proposed protocols or modifications to protocols will interact with
   them.  Protocols designers should analyze increases in network
   traffic and the operational efficiency impact of proposed changes or

5.  Security Considerations

   This document provides an overview of various areas of concern in the
   interaction between network performance and the use of energy
   efficient control planes to improve the energy efficiency of a
   network.  As such, it doesn't introduce any new security risk.

   However, providing an API or other mechanism to dynamically modify
   available bandwidth, put devices in reduced energy states, and
   otherwise modify network behavior introduces surfaces along which
   attackers can use to deny effective service to critical applications.
   By reducing the amount of available bandwidth along a link by
   invoking energy saving mechanisms, for instance, an attacker could
   reduce the performance of an application, harming the interests of
   organizations relying on the network.

   Protocol designers should carefully consider the introduction of any
   potential vulverabilities as a result of the implementation of an
   energy aware control plane.

6.  IANA Considerations

   This document has no IANA actions.

7.  Acknowledgements

   The authors of this document would like to acknowledge the
   suggestions and ideas provided by Sujata Banerjee, Puneet Sharma,
   Dirk Von Hugo, and John Scudder.

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8.  References

8.1.  Informative References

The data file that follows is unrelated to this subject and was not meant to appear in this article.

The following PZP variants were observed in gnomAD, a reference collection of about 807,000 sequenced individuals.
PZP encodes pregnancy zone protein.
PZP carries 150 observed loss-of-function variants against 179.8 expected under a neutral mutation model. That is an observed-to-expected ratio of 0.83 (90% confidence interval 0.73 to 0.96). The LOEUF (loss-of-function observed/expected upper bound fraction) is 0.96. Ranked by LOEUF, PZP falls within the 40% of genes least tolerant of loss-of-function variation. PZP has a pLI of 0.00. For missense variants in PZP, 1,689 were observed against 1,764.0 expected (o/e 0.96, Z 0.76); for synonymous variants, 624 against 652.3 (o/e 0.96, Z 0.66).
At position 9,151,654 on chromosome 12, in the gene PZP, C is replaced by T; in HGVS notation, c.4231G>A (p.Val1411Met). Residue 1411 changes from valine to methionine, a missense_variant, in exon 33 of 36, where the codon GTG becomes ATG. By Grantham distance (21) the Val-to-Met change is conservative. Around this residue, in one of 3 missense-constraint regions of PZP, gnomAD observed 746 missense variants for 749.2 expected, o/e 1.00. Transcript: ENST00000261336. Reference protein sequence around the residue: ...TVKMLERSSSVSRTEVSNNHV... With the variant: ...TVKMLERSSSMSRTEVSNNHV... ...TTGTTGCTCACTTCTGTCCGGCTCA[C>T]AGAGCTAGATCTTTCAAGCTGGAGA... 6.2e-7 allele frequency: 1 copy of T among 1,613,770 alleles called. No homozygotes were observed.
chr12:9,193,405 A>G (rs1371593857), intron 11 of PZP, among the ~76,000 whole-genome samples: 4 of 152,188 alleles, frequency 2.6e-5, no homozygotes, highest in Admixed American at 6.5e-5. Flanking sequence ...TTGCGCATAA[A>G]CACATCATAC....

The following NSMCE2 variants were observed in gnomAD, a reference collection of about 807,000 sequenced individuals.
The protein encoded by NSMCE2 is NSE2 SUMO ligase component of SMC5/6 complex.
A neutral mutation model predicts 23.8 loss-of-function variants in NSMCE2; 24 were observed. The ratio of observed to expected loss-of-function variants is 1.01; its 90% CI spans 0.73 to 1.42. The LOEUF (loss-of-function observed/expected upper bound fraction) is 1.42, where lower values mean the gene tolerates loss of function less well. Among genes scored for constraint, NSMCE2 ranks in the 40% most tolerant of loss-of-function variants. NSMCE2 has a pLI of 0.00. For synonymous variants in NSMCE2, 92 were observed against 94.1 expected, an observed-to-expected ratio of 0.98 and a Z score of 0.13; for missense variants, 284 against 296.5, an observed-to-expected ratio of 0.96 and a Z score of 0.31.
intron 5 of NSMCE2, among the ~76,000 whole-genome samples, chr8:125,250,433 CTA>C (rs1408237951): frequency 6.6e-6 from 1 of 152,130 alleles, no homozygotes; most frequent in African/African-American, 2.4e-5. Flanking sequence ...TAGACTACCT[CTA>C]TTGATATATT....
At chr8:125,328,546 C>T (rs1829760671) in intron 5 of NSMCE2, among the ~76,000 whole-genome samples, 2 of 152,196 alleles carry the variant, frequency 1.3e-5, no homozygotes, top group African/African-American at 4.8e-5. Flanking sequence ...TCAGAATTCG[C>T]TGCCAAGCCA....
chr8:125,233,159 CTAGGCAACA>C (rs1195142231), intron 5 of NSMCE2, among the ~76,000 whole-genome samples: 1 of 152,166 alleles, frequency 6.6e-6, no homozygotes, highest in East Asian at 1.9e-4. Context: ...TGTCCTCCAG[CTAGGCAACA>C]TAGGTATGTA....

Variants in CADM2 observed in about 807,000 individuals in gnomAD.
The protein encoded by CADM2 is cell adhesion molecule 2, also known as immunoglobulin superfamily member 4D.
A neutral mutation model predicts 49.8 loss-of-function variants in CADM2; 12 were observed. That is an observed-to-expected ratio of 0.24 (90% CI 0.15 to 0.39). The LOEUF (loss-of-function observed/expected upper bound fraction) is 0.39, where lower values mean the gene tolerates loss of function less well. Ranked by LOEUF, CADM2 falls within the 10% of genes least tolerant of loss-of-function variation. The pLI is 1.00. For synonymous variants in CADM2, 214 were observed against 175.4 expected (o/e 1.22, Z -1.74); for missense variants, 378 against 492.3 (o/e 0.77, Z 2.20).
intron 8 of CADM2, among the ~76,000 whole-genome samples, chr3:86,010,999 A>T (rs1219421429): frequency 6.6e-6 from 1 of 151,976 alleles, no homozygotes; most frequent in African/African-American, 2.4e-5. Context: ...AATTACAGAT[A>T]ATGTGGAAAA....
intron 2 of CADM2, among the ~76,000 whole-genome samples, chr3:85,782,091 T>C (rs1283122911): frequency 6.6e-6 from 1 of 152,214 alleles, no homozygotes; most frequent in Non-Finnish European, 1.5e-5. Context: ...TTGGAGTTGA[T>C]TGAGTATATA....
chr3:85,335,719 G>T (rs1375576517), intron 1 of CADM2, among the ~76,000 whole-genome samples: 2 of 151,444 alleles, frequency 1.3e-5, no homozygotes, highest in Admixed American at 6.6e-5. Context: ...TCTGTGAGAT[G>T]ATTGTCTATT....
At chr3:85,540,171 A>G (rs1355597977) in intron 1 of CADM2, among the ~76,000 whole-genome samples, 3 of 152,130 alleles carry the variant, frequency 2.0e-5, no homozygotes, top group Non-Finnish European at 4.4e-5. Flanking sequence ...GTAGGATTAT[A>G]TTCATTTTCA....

IEEE, "IEEE Standard for Information technology-- Local
              and metropolitan area networks-- Specific requirements--
              Part 3: CSMA/CD Access Method and Physical Layer
              Specifications Amendment 5: Media Access Control
              Parameters, Physical Layers, and Management Parameters for
              Energy-Efficient Ethernet", IEEE 802-3az-2010,
              DOI 10.1109/IEEESTD.2010.5621025, 11 July 2013,

   [Krioukov] Krioukov, D., "On Compact Routing for the Internet", 2007,

   [RFC2501]  Corson, S. and J. Macker, "Mobile Ad hoc Networking
              (MANET): Routing Protocol Performance Issues and
              Evaluation Considerations", RFC 2501,
              DOI 10.17487/RFC2501, January 1999,

   [RFC5714]  Shand, M. and S. Bryant, "IP Fast Reroute Framework",
              RFC 5714, DOI 10.17487/RFC5714, January 2010,

   [RFC7102]  Vasseur, JP., "Terms Used in Routing for Low-Power and
              Lossy Networks", RFC 7102, DOI 10.17487/RFC7102, January
              2014, <>.

   [RFC7326]  Parello, J., Claise, B., Schoening, B., and J. Quittek,
              "Energy Management Framework", RFC 7326,
              DOI 10.17487/RFC7326, September 2014,

              3GPP and B. Prakash, "Solutions for energy saving within
              UTRA Node B", 3GPP TR 25.927 14.0.0, 25 March 2017,

Authors' Addresses

   Alvaro Retana
   Futurewei Technologies, Inc.

Retana, et al.           Expires 26 August 2023                [Page 14]
Internet-Draft         Energy Aware Control Planes         February 2023

   Russ White
   Akamai Technologies

   Manuel Paul
   Deutsche Telekom AG

Retana, et al.           Expires 26 August 2023                [Page 15]